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America's political center has completely vanished
"Compromise" is no longer in Congress' vocabulary
"I can tell you that in the U.S. Senate, we will not repeal or defund ObamaCare. We will not. And to think we can is not rational."
"I can tell you that in the U.S. Senate, we will not repeal or defund ObamaCare. We will not. And to think we can is not rational." (Leigh Vogel/Getty Images for 2nd Annual Concordia Summit)
T

he political center is dead in America. And if it isn't dead, it's at least on life support.

Far-right House Republicans just prevailed over the party establishment in what most analysts consider a fruitless, politically suicidal move in which the GOP threatens to shut down the government to force Democrats to defund ObamaCare. But the seemingly outlandish idea that Republicans would shutter federal agencies — or worse, let the country default on its debt — is now par for the course. Republicans engage in this sort of political hostage-taking all the time.

But conservatives are not alone in veering toward the fringes and refusing to compromise. In the Democratic Party, the resurgent liberal wing reasserted itself recently when a coalition of women's groups, progressive populists, and affluent liberal donors helped sandbag the nomination of Larry Summers to head of the Federal Reserve. There would be no compromise.

Still, the biggest evidence of the center's seeming collapse is in the Republican Party. Arizona Sen. John McCain, seemingly talking to a conservative choir comprised of Clint Eastwood's empty chairs, warned of the far-right's quixotic kill-ObamaCare quest: "I can tell you that in the U.S. Senate, we will not repeal or defund ObamaCare. We will not. And to think we can is not rational." Rep. Peter King: "Whether it's Custer, whether it's kamikaze, or whether it's Gallipoli or whatever, we are going to lose this."

The New York Times' Paul Krugman argues that the GOP has simply rebranded itself from being "the stupid party to being the crazy party." He says it has been a decades-long process:

First came the southern strategy, in which the Republican elite cynically exploited racial backlash to promote economic goals, mainly low taxes for rich people and deregulation. Over time, this gradually morphed into what we might call the crazy strategy, in which the elite turned to exploiting the paranoia that has always been a factor in American politics...to promote the same goals. But now we're in a third stage, where the elite has lost control of the Frankenstein-like monster it created. [The New York Times]

This dismays longtime political pros like National Journal's Charlie Cook:

It's clear that perhaps 50 to 100 House Republicans see President Obama and Democrats as inherently wrong, almost evil; and thus they view compromising as essentially becoming coconspirators with evil...While this point of view is fine for the coffee shop or Rotary Club back home, it is anathema to the legislative process, where compromise is essential to making government work. Compromise is part of democracy. On some issues, digging in your heels doesn't cause a lot of harm, but on others, it is downright dangerous. [National Journal]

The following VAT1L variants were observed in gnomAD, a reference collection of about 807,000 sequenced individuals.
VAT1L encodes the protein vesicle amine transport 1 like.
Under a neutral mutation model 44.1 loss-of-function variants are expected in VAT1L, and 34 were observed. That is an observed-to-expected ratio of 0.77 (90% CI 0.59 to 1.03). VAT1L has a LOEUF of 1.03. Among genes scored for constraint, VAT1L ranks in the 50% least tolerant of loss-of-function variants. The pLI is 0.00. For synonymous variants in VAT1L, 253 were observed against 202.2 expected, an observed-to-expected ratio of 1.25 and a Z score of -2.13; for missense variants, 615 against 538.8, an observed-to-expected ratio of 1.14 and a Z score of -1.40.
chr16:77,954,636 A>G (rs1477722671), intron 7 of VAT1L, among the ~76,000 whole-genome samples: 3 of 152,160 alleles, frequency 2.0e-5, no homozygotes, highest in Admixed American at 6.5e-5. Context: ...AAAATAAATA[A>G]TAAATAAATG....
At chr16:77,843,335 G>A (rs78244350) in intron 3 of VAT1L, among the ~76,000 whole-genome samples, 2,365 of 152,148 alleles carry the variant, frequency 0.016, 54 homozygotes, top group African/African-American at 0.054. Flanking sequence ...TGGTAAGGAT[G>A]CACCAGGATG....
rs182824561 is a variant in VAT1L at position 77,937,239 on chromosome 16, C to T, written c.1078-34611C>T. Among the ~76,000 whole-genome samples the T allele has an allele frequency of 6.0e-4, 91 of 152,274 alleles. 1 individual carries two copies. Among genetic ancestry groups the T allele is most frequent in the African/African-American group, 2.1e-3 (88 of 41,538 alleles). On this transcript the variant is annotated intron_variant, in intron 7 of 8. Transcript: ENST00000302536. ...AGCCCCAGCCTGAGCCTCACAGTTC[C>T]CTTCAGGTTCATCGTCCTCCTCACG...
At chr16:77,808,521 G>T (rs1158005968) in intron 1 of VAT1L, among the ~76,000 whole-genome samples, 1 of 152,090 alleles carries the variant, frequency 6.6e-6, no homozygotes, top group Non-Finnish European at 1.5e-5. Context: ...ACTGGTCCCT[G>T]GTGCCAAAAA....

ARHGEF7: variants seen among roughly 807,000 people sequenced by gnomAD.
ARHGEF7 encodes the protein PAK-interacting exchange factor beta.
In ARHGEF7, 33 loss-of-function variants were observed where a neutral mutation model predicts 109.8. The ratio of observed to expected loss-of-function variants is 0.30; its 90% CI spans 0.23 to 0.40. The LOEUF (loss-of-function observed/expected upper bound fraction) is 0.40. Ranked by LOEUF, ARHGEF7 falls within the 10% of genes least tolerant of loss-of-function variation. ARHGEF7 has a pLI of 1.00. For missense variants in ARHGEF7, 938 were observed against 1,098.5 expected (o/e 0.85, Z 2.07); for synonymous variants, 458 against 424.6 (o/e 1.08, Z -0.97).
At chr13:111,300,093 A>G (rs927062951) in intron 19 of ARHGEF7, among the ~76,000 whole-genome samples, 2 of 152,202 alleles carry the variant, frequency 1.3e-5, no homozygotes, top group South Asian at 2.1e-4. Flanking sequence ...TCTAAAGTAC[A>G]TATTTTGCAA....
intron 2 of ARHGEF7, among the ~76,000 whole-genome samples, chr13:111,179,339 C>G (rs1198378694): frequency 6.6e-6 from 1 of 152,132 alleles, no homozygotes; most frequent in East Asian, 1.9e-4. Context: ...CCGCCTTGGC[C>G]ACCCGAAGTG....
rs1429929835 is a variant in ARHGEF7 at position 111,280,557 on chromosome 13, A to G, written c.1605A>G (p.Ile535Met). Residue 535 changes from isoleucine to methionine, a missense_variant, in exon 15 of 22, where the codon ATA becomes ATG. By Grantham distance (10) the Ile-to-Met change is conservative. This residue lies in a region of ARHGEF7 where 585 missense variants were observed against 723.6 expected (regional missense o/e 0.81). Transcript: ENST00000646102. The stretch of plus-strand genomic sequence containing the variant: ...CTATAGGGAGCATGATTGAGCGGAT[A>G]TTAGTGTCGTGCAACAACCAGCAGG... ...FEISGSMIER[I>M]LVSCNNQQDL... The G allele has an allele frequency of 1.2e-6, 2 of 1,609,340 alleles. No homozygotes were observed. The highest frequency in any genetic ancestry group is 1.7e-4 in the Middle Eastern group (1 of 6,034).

It's not just ideological purity that has driven the Republican Party so far right that moderates, centrist Republicans, and centrist Democrats are beginning see it as a party of extremist ideologues — and why Karl Rove warns the GOP that it risks losing independents. It's also due to sheer political expediency.

It's about trying to channel and use far-right political paranoia for electoral gain. It's about co-opting the originally bipartisan and anti-neocon Tea Party movement. And it's about kowtowing to the powerful microphones of far-right talk show hosts seeking ginned-up partisan outrage to deliver a demographic group to advertisers. It's the flip side of John F. Kennedy's Profiles in Courage — now perfectly epitomized by a finger-held-up-to-the-base-wind House Speaker John Boehner, the most inept speaker in American history.

It's gotten so bad in the GOP that, as The Washington Post's Eugene Robinson notes, "House members who balk at jumping off the cliff risk being labeled 'moderate,' which is the very worst thing you can call a Republican — and the most likely thing to shorten his or her political career."

Is the "moderate middle" becoming the "missing middle"? Throughout American history, the center refined conservative and liberal proposals and helped build consensus between the two camps. A weak or nonexistent center just means more political crises, more damaging partisan battles, and more inaction on much-needed issues. It brings to mind a comment that President Dwight Eisenhower made in 1963: "Only Americans can hurt America."

Joe Gandelman is a syndicated columnist for Cagle Cartoons and is the editor of The Moderate Voice blog.

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